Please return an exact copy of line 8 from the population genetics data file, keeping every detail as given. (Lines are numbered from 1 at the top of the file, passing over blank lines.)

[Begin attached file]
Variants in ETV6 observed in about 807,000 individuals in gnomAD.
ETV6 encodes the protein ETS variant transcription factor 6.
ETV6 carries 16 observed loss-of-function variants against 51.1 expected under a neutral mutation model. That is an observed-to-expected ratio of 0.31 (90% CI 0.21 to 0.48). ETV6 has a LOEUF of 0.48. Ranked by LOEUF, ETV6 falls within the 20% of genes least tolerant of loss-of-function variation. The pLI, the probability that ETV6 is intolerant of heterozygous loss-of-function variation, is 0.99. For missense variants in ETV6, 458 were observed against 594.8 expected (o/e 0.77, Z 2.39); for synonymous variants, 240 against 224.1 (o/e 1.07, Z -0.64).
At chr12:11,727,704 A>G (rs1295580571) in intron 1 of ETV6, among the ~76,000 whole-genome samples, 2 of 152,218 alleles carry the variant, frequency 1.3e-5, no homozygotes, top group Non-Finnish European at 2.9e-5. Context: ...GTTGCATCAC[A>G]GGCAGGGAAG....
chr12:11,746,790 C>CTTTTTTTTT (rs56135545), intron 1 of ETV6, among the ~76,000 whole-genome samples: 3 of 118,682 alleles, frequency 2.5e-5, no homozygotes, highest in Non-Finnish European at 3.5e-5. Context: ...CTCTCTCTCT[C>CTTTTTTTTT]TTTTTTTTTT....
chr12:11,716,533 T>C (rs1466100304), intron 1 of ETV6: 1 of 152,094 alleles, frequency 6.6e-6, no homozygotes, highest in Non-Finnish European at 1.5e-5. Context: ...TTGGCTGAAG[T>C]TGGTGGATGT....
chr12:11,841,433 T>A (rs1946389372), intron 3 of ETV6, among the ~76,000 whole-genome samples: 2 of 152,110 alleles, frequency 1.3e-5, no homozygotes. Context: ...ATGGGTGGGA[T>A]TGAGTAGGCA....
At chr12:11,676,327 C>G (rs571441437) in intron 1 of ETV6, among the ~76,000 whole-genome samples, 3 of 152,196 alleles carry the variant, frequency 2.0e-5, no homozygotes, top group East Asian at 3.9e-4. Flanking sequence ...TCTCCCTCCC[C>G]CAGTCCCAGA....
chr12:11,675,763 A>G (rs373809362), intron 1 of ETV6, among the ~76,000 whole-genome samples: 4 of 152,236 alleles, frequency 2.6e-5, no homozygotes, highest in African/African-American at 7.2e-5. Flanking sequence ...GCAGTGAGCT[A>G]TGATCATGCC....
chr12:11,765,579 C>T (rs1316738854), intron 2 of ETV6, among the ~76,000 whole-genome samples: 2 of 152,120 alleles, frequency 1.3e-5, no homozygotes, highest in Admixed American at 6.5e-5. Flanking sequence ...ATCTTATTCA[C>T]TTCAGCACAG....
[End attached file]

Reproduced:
At chr12:11,676,327 C>G (rs571441437) in intron 1 of ETV6, among the ~76,000 whole-genome samples, 3 of 152,196 alleles carry the variant, frequency 2.0e-5, no homozygotes, top group East Asian at 3.9e-4. Flanking sequence ...TCTCCCTCCC[C>G]CAGTCCCAGA....